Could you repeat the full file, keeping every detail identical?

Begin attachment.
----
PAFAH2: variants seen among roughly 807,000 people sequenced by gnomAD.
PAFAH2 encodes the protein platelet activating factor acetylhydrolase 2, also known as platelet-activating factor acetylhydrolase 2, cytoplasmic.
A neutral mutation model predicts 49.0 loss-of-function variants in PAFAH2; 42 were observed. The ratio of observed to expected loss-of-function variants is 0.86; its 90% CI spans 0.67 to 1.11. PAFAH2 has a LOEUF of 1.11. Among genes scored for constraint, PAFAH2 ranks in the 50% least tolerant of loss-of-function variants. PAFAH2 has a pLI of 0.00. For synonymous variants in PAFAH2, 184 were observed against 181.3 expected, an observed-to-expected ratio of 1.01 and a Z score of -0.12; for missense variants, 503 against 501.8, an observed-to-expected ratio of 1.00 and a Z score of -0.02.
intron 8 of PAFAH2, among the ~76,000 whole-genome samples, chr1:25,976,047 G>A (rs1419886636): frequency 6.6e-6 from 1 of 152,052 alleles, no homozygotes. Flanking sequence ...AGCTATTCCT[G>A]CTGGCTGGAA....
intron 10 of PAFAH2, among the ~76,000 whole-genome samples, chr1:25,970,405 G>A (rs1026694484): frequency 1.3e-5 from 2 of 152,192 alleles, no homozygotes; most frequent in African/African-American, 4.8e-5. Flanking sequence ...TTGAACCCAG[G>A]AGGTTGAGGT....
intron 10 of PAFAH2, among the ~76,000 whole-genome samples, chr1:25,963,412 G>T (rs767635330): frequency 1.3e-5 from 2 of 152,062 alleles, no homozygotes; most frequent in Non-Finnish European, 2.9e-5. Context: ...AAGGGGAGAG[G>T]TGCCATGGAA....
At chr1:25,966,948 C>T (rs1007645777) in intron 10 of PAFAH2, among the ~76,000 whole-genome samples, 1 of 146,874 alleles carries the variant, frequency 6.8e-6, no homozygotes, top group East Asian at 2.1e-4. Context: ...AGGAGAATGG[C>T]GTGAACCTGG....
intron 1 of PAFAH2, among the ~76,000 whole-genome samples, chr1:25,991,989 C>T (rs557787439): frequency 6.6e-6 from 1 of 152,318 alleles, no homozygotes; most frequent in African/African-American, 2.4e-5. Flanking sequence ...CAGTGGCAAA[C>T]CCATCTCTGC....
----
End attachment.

PAFAH2: variants seen among roughly 807,000 people sequenced by gnomAD.
PAFAH2 encodes the protein platelet activating factor acetylhydrolase 2, also known as platelet-activating factor acetylhydrolase 2, cytoplasmic.
A neutral mutation model predicts 49.0 loss-of-function variants in PAFAH2; 42 were observed. The ratio of observed to expected loss-of-function variants is 0.86; its 90% CI spans 0.67 to 1.11. PAFAH2 has a LOEUF of 1.11. Among genes scored for constraint, PAFAH2 ranks in the 50% least tolerant of loss-of-function variants. PAFAH2 has a pLI of 0.00. For synonymous variants in PAFAH2, 184 were observed against 181.3 expected, an observed-to-expected ratio of 1.01 and a Z score of -0.12; for missense variants, 503 against 501.8, an observed-to-expected ratio of 1.00 and a Z score of -0.02.
intron 8 of PAFAH2, among the ~76,000 whole-genome samples, chr1:25,976,047 G>A (rs1419886636): frequency 6.6e-6 from 1 of 152,052 alleles, no homozygotes. Flanking sequence ...AGCTATTCCT[G>A]CTGGCTGGAA....
intron 10 of PAFAH2, among the ~76,000 whole-genome samples, chr1:25,970,405 G>A (rs1026694484): frequency 1.3e-5 from 2 of 152,192 alleles, no homozygotes; most frequent in African/African-American, 4.8e-5. Flanking sequence ...TTGAACCCAG[G>A]AGGTTGAGGT....
intron 10 of PAFAH2, among the ~76,000 whole-genome samples, chr1:25,963,412 G>T (rs767635330): frequency 1.3e-5 from 2 of 152,062 alleles, no homozygotes; most frequent in Non-Finnish European, 2.9e-5. Context: ...AAGGGGAGAG[G>T]TGCCATGGAA....
At chr1:25,966,948 C>T (rs1007645777) in intron 10 of PAFAH2, among the ~76,000 whole-genome samples, 1 of 146,874 alleles carries the variant, frequency 6.8e-6, no homozygotes, top group East Asian at 2.1e-4. Context: ...AGGAGAATGG[C>T]GTGAACCTGG....
intron 1 of PAFAH2, among the ~76,000 whole-genome samples, chr1:25,991,989 C>T (rs557787439): frequency 6.6e-6 from 1 of 152,318 alleles, no homozygotes; most frequent in African/African-American, 2.4e-5. Flanking sequence ...CAGTGGCAAA[C>T]CCATCTCTGC....